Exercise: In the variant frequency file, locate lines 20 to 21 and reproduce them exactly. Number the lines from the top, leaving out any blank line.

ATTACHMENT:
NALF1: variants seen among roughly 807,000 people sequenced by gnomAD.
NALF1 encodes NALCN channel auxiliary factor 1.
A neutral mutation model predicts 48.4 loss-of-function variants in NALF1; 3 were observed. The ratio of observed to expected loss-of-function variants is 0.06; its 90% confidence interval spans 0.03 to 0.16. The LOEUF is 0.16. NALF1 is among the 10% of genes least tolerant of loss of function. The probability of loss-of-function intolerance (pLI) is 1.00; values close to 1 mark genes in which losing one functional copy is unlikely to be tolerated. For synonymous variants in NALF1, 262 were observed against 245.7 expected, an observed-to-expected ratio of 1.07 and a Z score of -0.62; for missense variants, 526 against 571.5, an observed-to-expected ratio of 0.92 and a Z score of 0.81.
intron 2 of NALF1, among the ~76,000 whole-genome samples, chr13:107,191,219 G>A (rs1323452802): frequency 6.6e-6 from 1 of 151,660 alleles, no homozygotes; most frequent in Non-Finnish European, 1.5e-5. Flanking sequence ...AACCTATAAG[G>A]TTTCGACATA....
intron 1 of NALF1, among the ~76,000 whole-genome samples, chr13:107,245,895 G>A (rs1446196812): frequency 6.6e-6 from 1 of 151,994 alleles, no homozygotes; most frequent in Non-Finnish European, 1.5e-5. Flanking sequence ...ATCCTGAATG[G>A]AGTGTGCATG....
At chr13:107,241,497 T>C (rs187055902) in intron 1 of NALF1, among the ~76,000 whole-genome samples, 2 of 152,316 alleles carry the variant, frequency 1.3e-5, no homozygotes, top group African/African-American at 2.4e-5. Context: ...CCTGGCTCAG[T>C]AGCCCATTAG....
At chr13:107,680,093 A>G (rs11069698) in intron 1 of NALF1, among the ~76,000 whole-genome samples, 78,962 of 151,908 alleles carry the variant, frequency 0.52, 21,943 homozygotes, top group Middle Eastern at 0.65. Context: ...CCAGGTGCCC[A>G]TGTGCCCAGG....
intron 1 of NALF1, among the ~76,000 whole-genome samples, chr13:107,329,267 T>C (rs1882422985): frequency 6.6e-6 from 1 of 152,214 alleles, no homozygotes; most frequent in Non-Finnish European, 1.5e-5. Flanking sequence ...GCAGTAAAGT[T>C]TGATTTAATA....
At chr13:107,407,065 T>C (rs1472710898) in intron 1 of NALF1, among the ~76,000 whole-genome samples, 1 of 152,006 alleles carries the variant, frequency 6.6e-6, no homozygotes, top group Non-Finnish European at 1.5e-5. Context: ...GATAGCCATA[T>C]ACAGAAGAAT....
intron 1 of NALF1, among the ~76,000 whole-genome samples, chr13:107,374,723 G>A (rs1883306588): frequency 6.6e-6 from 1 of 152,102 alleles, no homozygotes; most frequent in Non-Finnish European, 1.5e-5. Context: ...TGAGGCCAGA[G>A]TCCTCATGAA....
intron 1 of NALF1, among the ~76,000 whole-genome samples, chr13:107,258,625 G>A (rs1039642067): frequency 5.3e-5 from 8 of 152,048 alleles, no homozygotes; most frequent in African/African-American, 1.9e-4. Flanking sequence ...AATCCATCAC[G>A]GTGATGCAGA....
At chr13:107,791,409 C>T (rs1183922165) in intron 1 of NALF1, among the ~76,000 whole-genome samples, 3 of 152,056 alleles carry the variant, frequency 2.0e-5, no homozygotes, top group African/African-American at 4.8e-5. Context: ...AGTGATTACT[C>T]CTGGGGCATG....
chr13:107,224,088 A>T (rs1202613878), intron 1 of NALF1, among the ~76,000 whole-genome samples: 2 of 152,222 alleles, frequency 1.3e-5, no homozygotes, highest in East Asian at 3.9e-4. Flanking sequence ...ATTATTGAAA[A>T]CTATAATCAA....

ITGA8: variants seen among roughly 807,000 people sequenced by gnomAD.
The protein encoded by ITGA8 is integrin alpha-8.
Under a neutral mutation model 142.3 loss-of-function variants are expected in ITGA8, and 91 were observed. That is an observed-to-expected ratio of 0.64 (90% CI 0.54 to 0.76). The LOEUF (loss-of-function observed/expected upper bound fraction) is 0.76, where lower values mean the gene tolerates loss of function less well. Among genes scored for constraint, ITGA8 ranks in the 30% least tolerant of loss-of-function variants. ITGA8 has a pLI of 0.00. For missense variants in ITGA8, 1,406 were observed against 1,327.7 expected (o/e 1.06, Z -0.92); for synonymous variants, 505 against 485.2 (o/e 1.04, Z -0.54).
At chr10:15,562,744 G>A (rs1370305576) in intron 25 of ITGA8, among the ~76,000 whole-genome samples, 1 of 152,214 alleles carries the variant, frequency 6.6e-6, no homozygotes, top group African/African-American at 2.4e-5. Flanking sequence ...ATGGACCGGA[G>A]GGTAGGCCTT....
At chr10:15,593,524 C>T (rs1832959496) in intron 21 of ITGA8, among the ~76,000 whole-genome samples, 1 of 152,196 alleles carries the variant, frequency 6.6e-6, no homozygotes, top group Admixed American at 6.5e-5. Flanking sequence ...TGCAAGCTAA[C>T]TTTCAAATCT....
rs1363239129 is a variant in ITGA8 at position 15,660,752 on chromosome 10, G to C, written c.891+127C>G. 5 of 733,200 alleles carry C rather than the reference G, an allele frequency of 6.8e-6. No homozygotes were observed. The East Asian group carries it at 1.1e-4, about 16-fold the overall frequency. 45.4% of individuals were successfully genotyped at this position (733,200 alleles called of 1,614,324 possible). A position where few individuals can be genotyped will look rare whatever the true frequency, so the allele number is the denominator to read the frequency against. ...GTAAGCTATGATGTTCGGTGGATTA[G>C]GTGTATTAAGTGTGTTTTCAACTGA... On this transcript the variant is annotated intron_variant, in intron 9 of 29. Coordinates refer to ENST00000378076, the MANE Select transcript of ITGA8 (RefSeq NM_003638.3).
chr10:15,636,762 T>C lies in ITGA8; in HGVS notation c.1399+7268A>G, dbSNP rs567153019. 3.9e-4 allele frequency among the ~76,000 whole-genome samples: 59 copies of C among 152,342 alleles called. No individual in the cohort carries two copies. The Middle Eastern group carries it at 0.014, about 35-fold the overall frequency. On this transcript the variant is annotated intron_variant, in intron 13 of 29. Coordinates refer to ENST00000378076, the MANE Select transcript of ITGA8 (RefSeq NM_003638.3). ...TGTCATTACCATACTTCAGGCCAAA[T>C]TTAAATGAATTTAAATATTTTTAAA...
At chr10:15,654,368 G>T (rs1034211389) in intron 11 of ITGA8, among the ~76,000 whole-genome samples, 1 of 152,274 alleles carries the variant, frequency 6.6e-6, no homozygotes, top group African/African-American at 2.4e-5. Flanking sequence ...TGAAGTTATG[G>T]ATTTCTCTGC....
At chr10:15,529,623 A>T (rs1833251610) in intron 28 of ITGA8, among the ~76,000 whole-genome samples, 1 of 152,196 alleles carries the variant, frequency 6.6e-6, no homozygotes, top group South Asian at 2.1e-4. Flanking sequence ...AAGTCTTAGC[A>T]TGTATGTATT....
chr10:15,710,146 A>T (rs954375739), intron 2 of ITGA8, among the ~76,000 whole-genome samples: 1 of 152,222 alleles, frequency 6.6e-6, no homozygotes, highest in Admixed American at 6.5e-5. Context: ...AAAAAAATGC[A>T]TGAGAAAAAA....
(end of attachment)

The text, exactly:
chr10:15,636,762 T>C lies in ITGA8; in HGVS notation c.1399+7268A>G, dbSNP rs567153019. 3.9e-4 allele frequency among the ~76,000 whole-genome samples: 59 copies of C among 152,342 alleles called. No individual in the cohort carries two copies. The Middle Eastern group carries it at 0.014, about 35-fold the overall frequency. On this transcript the variant is annotated intron_variant, in intron 13 of 29. Coordinates refer to ENST00000378076, the MANE Select transcript of ITGA8 (RefSeq NM_003638.3). ...TGTCATTACCATACTTCAGGCCAAA[T>C]TTAAATGAATTTAAATATTTTTAAA...
At chr10:15,654,368 G>T (rs1034211389) in intron 11 of ITGA8, among the ~76,000 whole-genome samples, 1 of 152,274 alleles carries the variant, frequency 6.6e-6, no homozygotes, top group African/African-American at 2.4e-5. Flanking sequence ...TGAAGTTATG[G>T]ATTTCTCTGC....